FizzBuzz with pattern matching (in Ruby)

Tom Dalling recently (re)posted a blog post about playing with FizzBuzz in Ruby, to get a grasp of different approaches to problem solving. I decided to create a small addition to this topic: how to do FizzBuzz in Ruby using pattern matching techniques.

Wait, pattern matching in Ruby? Yes. As you may know, I have written a gem called Noaidi which is an attempt to get pattern matching goodies in Ruby. Even though some of reader were not convinced about this being beneficial for the code, here are more examples.

If you want to know more about Noaidi itself (I’m not going to explain it in detail here), read one of the previous posts: A Quest for Pattern Matching in Ruby or Refactoring Rails with Noaidi.

Example 1: Simple pattern matching

In the first step we are going to rewrite a solution number two from Tom’s post:

1.upto(100) do |i|
  fizz = (i % 3 == 0)
  buzz = (i % 5 == 0)
  puts case
       when fizz && buzz then 'FizzBuzz'
       when fizz then 'Fizz'
       when buzz then 'Buzz'
       else i

How? For each i we are going to create a pair: i mod 3 and i mod 5 and pass it to the matcher. If both are 0, we have a FizzBuzz; if only first one is zero, we have a Fizz, etc.

1.upto(100).each do |i|
  results = [i % 3, i % 5]
  Noaidi.match(results) do |m|
    m.(0, 0) { puts 'FizzBuzz' }
    m.(0, Fixnum) { puts 'Fizz' }
    m.(Fixnum, 0) { puts 'Buzz' }
    m.(Fixnum, Fixnum) { puts i }

This is quite simple and nicely looking. There are some drawback, though:

  • We need to use Fixnum to match any number. This is not really that bad, but having a way to denote “anything, I don’t care” would be a bit nicer. This is on Noaidi’s roadmap.
  • We use closure to get a value of i in the last match. This prevents us from compiling a match beforehand to gen a performance boost (see Noaidi’s README for more details).
    To avoid that, we would need to pass an array of three: [i, i % 3, i % 5] and this is a bit too much.

Example 2: A module

Modules of Noaidi were inspired by Erlang. You can (and should - this is the idea) define many functions (called “funs”) with the same name but with different signature. The “best match” (i.e. the first one that matches) will be picked and executed.

We could create a direct translation of the matcher above to a module. But to add more fun, we are going to use guard clauses this time to check if we “like” the arguments we get.

Here is the code:

fizz = Noaidi.module do
  fun :buzz, [->(i) { i % 5 == 0 && i % 3 == 0}] do
  fun :buzz, [->(i) { i % 3 == 0}] do
  fun :buzz, [->(i) { i % 5 == 0 }] do
  fun :buzz, [Fixnum] do |n|

1.upto(100).each do |i|

Here, the logic was moved to the module completely. In the actual loop we only call fun buzz of module fizz with the current number. Module does its work by checking first if the number is divisible by both 3 and 5, then by each one of them and in the end for just any number. A correct value (string or number) is returned from the module, which is then printed in the loop.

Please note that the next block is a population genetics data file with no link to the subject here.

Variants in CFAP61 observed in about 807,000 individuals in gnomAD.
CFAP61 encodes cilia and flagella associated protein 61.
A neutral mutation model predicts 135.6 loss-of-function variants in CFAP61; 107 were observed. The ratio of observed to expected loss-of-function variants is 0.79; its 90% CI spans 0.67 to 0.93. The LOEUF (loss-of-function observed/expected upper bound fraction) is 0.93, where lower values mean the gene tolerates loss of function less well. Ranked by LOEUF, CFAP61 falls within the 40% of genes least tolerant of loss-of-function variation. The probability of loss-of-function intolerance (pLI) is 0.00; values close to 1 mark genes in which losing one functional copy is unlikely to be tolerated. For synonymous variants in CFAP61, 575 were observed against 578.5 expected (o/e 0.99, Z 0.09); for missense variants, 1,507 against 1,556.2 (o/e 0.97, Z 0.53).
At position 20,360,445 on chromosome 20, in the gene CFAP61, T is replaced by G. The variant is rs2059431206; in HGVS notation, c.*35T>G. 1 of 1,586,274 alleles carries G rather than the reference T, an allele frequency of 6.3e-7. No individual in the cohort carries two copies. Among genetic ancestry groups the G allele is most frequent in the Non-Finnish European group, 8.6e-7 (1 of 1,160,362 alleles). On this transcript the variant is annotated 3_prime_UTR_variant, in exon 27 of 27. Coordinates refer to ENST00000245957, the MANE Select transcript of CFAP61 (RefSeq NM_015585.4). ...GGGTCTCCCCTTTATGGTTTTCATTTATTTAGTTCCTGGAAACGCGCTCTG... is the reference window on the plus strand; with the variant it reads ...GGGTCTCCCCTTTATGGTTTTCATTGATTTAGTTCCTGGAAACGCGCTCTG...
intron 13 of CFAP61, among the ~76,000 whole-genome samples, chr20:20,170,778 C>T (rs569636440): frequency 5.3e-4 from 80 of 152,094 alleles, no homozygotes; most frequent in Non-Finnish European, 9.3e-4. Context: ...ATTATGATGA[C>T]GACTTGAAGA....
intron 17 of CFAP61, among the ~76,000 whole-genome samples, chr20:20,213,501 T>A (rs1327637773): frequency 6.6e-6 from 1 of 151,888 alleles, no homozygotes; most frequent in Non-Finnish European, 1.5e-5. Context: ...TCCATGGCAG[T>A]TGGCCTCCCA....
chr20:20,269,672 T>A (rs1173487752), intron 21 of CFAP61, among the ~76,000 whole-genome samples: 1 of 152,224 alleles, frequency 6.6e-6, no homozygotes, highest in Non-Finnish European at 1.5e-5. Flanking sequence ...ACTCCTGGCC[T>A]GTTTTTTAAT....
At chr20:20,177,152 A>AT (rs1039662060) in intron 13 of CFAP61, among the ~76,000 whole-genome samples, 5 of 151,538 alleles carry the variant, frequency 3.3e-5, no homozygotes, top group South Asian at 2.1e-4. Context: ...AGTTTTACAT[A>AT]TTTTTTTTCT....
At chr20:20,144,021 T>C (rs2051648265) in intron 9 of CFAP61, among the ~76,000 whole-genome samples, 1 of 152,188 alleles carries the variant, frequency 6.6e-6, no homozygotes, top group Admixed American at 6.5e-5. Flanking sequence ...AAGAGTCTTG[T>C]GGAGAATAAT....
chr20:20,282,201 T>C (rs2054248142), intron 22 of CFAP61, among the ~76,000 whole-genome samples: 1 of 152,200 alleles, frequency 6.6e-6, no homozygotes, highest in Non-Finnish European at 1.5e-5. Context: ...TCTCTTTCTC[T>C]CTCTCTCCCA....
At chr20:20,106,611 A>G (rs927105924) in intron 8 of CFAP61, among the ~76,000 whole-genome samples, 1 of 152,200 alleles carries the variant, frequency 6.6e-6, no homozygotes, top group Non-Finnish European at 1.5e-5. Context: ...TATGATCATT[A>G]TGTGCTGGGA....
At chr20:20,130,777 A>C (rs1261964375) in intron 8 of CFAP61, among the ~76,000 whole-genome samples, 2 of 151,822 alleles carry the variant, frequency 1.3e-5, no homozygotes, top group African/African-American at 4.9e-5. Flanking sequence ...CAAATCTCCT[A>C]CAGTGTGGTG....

This is faster than previous implementation, as module is created only once, before the loop. We also don’t need intermediate values calculated before passing to the module and thus we don’t need any closures. If you ask me, this is most “correct” solution.

Example 3: using dry-matcher

Noaidi is not the only solution for pattern matching in Ruby. Folks from dry.rb have their own implementation, called dry-matcher. I’m not a big fan of this solution, as it requires to write a lot of boliterplate code, but I’m giving example of it too.

fizzbuzz_case =
  match: -> value { value % 3 == 0 && value % 5 == 0 },
  resolve: -> value {}
fizz_case =
  match: -> value { value % 3 == 0 },
  resolve: -> value {}
buzz_case =
  match: -> value { value % 5 == 0 },
  resolve: -> value {}
other_case =
  match: -> value { true },
  resolve: -> value { value }

matcher = fizzbuzz_case,
 	fizz: fizz_case, buzz: buzz_case, other: other_case)

1.upto(100).each do |i|
  matcher.(i) do |m|
    m.fizzbuzz { puts 'FizzBuzz' }
    m.fizz { puts 'Fizz' } { puts 'Buzz' }
    m.other { |x| puts x }

Again, there are four cases, which is no surprise. Each of them has a value key, which is an actual matcher. A resolve key denotes what will be passed to an action block, when matcher is executed.

After having written those four cases, we create an actual matcher. And then it becomes somewhat pleasure. We execute the matcher in the loop and take action depending on what has been matched.

It is not that bad, but clearly requires us to write a lot more code than in previous examples. That being said, it is almost certain that it is much more flexible on edge cases. When we have to do more manual work, we definitely can do crazier things if we want.


This is all just fun, of course. It probably won’t convince you to use pattern matching. But I think it is worth to know that there are libraries in Ruby ecosystem that let you do that. Maybe you’ll find it useful at some point?

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